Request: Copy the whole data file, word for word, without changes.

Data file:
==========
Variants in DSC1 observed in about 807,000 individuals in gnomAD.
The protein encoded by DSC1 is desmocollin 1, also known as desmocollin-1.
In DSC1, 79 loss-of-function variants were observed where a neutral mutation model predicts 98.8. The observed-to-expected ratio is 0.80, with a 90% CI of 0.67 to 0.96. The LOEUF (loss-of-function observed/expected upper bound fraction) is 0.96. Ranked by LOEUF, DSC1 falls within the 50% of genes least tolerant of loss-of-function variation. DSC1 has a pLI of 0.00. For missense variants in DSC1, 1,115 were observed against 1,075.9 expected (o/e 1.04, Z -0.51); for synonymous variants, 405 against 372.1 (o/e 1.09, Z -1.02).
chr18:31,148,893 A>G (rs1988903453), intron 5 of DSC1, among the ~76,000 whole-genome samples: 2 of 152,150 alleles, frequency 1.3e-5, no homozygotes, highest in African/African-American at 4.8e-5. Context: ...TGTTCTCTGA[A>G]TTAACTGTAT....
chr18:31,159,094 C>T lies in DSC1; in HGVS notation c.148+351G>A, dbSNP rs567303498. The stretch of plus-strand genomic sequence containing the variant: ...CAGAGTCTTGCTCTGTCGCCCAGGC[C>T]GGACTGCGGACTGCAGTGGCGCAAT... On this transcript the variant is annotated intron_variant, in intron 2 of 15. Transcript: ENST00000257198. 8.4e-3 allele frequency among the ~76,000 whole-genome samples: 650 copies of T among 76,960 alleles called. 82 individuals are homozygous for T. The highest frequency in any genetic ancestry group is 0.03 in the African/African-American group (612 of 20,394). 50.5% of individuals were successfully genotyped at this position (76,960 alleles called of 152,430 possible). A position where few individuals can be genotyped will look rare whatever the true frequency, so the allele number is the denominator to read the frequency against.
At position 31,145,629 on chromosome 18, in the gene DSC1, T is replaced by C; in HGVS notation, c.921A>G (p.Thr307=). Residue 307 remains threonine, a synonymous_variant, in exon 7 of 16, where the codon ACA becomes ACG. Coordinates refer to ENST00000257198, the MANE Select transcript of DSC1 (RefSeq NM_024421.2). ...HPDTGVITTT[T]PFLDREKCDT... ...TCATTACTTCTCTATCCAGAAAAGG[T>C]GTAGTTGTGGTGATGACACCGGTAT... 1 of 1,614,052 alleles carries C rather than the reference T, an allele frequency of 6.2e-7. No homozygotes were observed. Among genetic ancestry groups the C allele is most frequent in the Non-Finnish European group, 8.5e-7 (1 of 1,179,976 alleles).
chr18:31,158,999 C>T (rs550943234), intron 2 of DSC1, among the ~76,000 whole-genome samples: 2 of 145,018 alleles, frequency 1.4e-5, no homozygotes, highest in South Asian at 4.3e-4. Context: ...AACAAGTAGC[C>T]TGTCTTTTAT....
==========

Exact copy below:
Variants in DSC1 observed in about 807,000 individuals in gnomAD.
The protein encoded by DSC1 is desmocollin 1, also known as desmocollin-1.
In DSC1, 79 loss-of-function variants were observed where a neutral mutation model predicts 98.8. The observed-to-expected ratio is 0.80, with a 90% CI of 0.67 to 0.96. The LOEUF (loss-of-function observed/expected upper bound fraction) is 0.96. Ranked by LOEUF, DSC1 falls within the 50% of genes least tolerant of loss-of-function variation. DSC1 has a pLI of 0.00. For missense variants in DSC1, 1,115 were observed against 1,075.9 expected (o/e 1.04, Z -0.51); for synonymous variants, 405 against 372.1 (o/e 1.09, Z -1.02).
chr18:31,148,893 A>G (rs1988903453), intron 5 of DSC1, among the ~76,000 whole-genome samples: 2 of 152,150 alleles, frequency 1.3e-5, no homozygotes, highest in African/African-American at 4.8e-5. Context: ...TGTTCTCTGA[A>G]TTAACTGTAT....
chr18:31,159,094 C>T lies in DSC1; in HGVS notation c.148+351G>A, dbSNP rs567303498. The stretch of plus-strand genomic sequence containing the variant: ...CAGAGTCTTGCTCTGTCGCCCAGGC[C>T]GGACTGCGGACTGCAGTGGCGCAAT... On this transcript the variant is annotated intron_variant, in intron 2 of 15. Transcript: ENST00000257198. 8.4e-3 allele frequency among the ~76,000 whole-genome samples: 650 copies of T among 76,960 alleles called. 82 individuals are homozygous for T. The highest frequency in any genetic ancestry group is 0.03 in the African/African-American group (612 of 20,394). 50.5% of individuals were successfully genotyped at this position (76,960 alleles called of 152,430 possible). A position where few individuals can be genotyped will look rare whatever the true frequency, so the allele number is the denominator to read the frequency against.
At position 31,145,629 on chromosome 18, in the gene DSC1, T is replaced by C; in HGVS notation, c.921A>G (p.Thr307=). Residue 307 remains threonine, a synonymous_variant, in exon 7 of 16, where the codon ACA becomes ACG. Coordinates refer to ENST00000257198, the MANE Select transcript of DSC1 (RefSeq NM_024421.2). ...HPDTGVITTT[T]PFLDREKCDT... ...TCATTACTTCTCTATCCAGAAAAGG[T>C]GTAGTTGTGGTGATGACACCGGTAT... 1 of 1,614,052 alleles carries C rather than the reference T, an allele frequency of 6.2e-7. No homozygotes were observed. Among genetic ancestry groups the C allele is most frequent in the Non-Finnish European group, 8.5e-7 (1 of 1,179,976 alleles).
chr18:31,158,999 C>T (rs550943234), intron 2 of DSC1, among the ~76,000 whole-genome samples: 2 of 145,018 alleles, frequency 1.4e-5, no homozygotes, highest in South Asian at 4.3e-4. Context: ...AACAAGTAGC[C>T]TGTCTTTTAT....